Petitioner filed a 28 U.S.C. 2254 petition for habeas relief seeking reinstatement of his earned-release supervision (ERS) and trusty time. The district court dismissed the petition for failure to exhaust state remedies and denied Montalto's unopposed motions for sanctions and contempt, as well as criticized MDOC and its counsel for disregarding orders for production and not properly investigating the circumstances of Montalto's revocations. The Fifth Circuit held that judicial criticism amounting to an actual finding of attorney misconduct is directly appealable. Because the court was unable to determine whether the district court made actual findings of professional misconduct, the court remanded with instructions for the district court to clarify its findings regarding counsel's professional misconduct. View "Montalto v. Mississippi Department of Corrections" on Justia Law

by
The Fifth Circuit affirmed defendant's sentence imposed after he pleaded guilty of conspiracy to possess with intent to distribute five kilograms or more of cocaine. The court held that the district court did not clearly err by applying a sentencing enhancement under USSG 2D1.1(b)(15)(A), because defendant used fear, impulse, friendship, affection, or some combination of thereof to involve his stepson in the controlled substance offense. In this case, the district court did not clearly err in determining that the stepson was not paid for his role in the offense, and the stepson did not have knowledge of the structure and sheer scope of the drug organization. View "United States v. Torres-Magana" on Justia Law

Posted in: Criminal Law
by
The Fifth Circuit held that 28 U.S.C. 2244(b) barred movant's successive application, and thus denied his motion for authorization to file a successive application for a writ of habeas corpus and to stay execution. The court held that movant's latest filing did not present a new claim of a retroactive constitutional right recognized by the Supreme Court that was previously unavailable to him. To the extent that movant argued that he has now raised an actual Atkins claim for the first time, it would nevertheless be barred. The court stated that any claim similar to what it discussed in In re Johnson, -- F.3d – , 2019 WL 3814384 (5th Cir. 2019), and earlier in In re Cathey, 857 F.3d 221 (5th Cir. 2017), was available to movant at the time of his earlier application for a writ of habeas corpus. View "In Re: Mark Soliz" on Justia Law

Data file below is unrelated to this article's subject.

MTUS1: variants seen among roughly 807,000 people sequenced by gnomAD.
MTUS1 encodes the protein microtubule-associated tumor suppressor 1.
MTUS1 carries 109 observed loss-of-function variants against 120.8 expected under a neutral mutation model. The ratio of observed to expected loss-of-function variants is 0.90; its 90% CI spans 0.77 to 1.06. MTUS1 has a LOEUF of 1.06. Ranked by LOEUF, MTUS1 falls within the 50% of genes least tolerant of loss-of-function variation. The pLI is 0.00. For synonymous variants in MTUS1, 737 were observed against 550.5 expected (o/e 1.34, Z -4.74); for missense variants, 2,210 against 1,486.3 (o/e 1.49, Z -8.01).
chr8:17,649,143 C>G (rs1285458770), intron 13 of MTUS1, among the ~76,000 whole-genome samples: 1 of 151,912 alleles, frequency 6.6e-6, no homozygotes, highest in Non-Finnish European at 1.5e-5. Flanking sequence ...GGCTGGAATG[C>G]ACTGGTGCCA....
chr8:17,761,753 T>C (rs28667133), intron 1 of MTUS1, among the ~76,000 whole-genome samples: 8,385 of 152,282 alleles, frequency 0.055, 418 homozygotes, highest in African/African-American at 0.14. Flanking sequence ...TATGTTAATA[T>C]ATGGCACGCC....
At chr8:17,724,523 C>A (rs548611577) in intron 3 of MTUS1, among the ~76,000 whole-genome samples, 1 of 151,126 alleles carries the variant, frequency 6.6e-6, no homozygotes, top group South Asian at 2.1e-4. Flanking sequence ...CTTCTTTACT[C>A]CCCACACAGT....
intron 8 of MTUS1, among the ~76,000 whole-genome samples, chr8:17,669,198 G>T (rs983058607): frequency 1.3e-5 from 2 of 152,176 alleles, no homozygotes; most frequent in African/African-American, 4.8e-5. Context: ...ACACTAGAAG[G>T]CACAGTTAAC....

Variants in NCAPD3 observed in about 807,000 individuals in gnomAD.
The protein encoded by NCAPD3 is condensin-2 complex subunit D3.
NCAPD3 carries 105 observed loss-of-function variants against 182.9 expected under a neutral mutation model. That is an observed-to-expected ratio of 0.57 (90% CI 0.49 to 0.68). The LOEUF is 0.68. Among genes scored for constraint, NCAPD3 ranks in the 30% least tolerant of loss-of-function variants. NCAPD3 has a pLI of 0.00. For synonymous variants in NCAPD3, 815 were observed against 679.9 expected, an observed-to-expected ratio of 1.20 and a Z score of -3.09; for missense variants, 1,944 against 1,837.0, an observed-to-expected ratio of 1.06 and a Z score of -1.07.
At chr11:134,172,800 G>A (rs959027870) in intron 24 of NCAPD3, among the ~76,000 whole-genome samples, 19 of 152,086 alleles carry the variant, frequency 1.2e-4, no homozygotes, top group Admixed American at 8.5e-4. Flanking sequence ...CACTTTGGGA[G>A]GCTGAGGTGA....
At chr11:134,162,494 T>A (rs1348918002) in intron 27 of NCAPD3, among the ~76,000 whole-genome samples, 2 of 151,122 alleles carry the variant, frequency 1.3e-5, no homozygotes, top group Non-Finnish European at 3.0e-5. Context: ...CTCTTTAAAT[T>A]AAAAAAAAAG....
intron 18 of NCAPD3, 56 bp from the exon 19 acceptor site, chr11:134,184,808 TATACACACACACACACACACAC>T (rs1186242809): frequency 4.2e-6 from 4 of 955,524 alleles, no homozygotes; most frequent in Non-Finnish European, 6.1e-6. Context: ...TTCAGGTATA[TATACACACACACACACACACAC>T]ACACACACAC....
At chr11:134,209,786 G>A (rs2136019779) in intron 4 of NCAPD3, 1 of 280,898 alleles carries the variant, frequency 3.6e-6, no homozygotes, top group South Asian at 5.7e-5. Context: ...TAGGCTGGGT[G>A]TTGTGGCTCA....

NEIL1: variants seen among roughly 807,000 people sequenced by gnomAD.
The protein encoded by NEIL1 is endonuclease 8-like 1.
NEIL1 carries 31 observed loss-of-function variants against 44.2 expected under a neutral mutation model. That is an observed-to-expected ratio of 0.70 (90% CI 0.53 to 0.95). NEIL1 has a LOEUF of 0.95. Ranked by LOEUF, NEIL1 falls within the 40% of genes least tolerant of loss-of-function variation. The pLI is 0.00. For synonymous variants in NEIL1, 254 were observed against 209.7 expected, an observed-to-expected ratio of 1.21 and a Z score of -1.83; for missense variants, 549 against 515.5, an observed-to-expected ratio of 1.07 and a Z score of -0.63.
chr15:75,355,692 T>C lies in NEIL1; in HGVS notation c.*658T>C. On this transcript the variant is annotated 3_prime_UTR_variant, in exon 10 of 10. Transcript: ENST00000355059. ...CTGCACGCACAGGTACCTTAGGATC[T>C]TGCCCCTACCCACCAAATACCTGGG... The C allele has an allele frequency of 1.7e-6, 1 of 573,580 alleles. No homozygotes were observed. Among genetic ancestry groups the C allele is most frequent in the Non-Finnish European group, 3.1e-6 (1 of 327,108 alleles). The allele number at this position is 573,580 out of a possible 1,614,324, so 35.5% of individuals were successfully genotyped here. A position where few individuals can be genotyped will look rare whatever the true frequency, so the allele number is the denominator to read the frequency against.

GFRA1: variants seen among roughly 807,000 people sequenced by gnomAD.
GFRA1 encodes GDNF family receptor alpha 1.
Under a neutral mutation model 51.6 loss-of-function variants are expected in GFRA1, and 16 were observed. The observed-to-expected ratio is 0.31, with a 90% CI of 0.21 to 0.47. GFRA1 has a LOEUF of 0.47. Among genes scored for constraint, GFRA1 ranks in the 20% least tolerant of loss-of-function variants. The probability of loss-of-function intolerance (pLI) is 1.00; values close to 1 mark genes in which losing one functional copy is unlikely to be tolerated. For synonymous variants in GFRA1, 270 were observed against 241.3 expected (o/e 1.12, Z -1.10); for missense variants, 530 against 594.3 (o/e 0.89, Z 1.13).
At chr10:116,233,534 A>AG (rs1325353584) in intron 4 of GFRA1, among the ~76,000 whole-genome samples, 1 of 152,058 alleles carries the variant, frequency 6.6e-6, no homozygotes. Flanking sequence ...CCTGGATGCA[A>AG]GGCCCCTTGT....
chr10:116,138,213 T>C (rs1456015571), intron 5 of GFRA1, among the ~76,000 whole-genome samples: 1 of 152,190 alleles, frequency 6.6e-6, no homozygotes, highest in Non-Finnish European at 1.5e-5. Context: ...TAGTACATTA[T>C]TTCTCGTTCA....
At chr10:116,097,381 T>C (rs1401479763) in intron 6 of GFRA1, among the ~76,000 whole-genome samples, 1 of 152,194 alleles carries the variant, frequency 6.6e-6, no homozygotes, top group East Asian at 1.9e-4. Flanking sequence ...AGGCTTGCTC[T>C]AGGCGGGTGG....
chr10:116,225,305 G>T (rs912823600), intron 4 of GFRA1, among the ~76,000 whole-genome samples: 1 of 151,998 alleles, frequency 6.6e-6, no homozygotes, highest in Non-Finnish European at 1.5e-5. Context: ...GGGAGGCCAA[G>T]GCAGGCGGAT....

by
Petitioner appealed the district court's denial of his federal habeas corpus petition seeking vacatur of his three conspiracy-predicated 18 U.S.C. 924(c) convictions on the ground that Johnson v. United States, 135 S. Ct. 2551 (2015), and Sessions v. Dimaya, 138 S. Ct. 1204 (2018), rendered section 924(c)(3)(B) unconstitutionally vague. The Fifth Circuit vacated and remanded for resentencing, because, while petitioner's appeal was pending, the Supreme Court held that section 924(c)(3)(B) was unconstitutional. In this case, petitioner's section 924(c) conviction allowed for an enhanced sentence on his other section 924(c) offenses. The court left it to the district court's discretion to determine the appropriate sentence. View "United States v. Reece" on Justia Law

Posted in: Criminal Law
by
The Fifth Circuit affirmed defendant's sentence for conspiracy to commit healthcare fraud. The court held that the district court did not err by applying a sentencing enhancement under USSG 2B1.1(b)(11)(C)(i) because defendant unlawfully used each of the beneficiaries' Medicare information (indisputably a means of identification) to produce fraudulent health care claims to bill Medicare. The court also held that the district court did not err by applying USSG 2B1.1(b)(2)(A)(i) because his fraud offense involved 10 or more Medicare beneficiaries. View "United States v. Kalu" on Justia Law

Posted in: Criminal Law